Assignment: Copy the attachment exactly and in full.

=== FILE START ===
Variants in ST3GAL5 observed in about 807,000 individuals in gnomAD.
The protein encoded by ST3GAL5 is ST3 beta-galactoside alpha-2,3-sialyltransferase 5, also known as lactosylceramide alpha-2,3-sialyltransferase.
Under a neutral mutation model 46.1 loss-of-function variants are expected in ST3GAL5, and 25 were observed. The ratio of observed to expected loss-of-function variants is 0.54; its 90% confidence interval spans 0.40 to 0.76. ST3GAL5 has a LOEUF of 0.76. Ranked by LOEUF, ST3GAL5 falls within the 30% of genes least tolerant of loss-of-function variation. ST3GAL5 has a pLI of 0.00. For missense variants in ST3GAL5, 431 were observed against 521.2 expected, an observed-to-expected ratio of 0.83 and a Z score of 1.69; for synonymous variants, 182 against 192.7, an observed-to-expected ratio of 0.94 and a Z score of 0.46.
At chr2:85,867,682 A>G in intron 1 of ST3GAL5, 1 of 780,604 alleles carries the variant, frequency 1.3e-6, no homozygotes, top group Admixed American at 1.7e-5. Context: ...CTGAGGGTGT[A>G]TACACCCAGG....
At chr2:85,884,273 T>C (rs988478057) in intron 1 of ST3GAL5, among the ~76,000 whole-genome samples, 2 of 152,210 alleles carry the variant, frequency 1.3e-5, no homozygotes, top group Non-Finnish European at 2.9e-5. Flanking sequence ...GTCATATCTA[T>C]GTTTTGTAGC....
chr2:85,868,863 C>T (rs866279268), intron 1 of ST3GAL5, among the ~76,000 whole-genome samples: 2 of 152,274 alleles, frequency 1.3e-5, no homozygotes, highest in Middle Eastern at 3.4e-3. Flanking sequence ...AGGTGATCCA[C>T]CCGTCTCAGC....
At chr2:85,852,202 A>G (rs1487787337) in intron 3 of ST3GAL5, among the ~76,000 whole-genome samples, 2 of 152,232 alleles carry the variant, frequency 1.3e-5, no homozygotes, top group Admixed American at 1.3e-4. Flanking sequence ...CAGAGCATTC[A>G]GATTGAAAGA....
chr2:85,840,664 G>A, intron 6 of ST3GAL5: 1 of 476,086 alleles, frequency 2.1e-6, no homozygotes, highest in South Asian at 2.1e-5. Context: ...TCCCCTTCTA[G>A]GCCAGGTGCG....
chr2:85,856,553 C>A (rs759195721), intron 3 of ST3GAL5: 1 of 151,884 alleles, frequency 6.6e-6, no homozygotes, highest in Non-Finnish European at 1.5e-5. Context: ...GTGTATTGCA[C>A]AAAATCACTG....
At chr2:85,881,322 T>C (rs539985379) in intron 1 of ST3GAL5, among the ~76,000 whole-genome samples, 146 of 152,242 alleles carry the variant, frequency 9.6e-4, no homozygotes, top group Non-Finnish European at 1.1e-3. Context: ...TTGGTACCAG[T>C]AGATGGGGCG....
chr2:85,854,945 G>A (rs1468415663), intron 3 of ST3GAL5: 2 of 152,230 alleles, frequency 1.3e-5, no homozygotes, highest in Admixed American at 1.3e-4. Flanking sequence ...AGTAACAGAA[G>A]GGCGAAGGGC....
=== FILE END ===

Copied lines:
Variants in ST3GAL5 observed in about 807,000 individuals in gnomAD.
The protein encoded by ST3GAL5 is ST3 beta-galactoside alpha-2,3-sialyltransferase 5, also known as lactosylceramide alpha-2,3-sialyltransferase.
Under a neutral mutation model 46.1 loss-of-function variants are expected in ST3GAL5, and 25 were observed. The ratio of observed to expected loss-of-function variants is 0.54; its 90% confidence interval spans 0.40 to 0.76. ST3GAL5 has a LOEUF of 0.76. Ranked by LOEUF, ST3GAL5 falls within the 30% of genes least tolerant of loss-of-function variation. ST3GAL5 has a pLI of 0.00. For missense variants in ST3GAL5, 431 were observed against 521.2 expected, an observed-to-expected ratio of 0.83 and a Z score of 1.69; for synonymous variants, 182 against 192.7, an observed-to-expected ratio of 0.94 and a Z score of 0.46.
At chr2:85,867,682 A>G in intron 1 of ST3GAL5, 1 of 780,604 alleles carries the variant, frequency 1.3e-6, no homozygotes, top group Admixed American at 1.7e-5. Context: ...CTGAGGGTGT[A>G]TACACCCAGG....
At chr2:85,884,273 T>C (rs988478057) in intron 1 of ST3GAL5, among the ~76,000 whole-genome samples, 2 of 152,210 alleles carry the variant, frequency 1.3e-5, no homozygotes, top group Non-Finnish European at 2.9e-5. Flanking sequence ...GTCATATCTA[T>C]GTTTTGTAGC....
chr2:85,868,863 C>T (rs866279268), intron 1 of ST3GAL5, among the ~76,000 whole-genome samples: 2 of 152,274 alleles, frequency 1.3e-5, no homozygotes, highest in Middle Eastern at 3.4e-3. Flanking sequence ...AGGTGATCCA[C>T]CCGTCTCAGC....
At chr2:85,852,202 A>G (rs1487787337) in intron 3 of ST3GAL5, among the ~76,000 whole-genome samples, 2 of 152,232 alleles carry the variant, frequency 1.3e-5, no homozygotes, top group Admixed American at 1.3e-4. Flanking sequence ...CAGAGCATTC[A>G]GATTGAAAGA....
chr2:85,840,664 G>A, intron 6 of ST3GAL5: 1 of 476,086 alleles, frequency 2.1e-6, no homozygotes, highest in South Asian at 2.1e-5. Context: ...TCCCCTTCTA[G>A]GCCAGGTGCG....
chr2:85,856,553 C>A (rs759195721), intron 3 of ST3GAL5: 1 of 151,884 alleles, frequency 6.6e-6, no homozygotes, highest in Non-Finnish European at 1.5e-5. Context: ...GTGTATTGCA[C>A]AAAATCACTG....
At chr2:85,881,322 T>C (rs539985379) in intron 1 of ST3GAL5, among the ~76,000 whole-genome samples, 146 of 152,242 alleles carry the variant, frequency 9.6e-4, no homozygotes, top group Non-Finnish European at 1.1e-3. Context: ...TTGGTACCAG[T>C]AGATGGGGCG....
chr2:85,854,945 G>A (rs1468415663), intron 3 of ST3GAL5: 2 of 152,230 alleles, frequency 1.3e-5, no homozygotes, highest in Admixed American at 1.3e-4. Flanking sequence ...AGTAACAGAA[G>A]GGCGAAGGGC....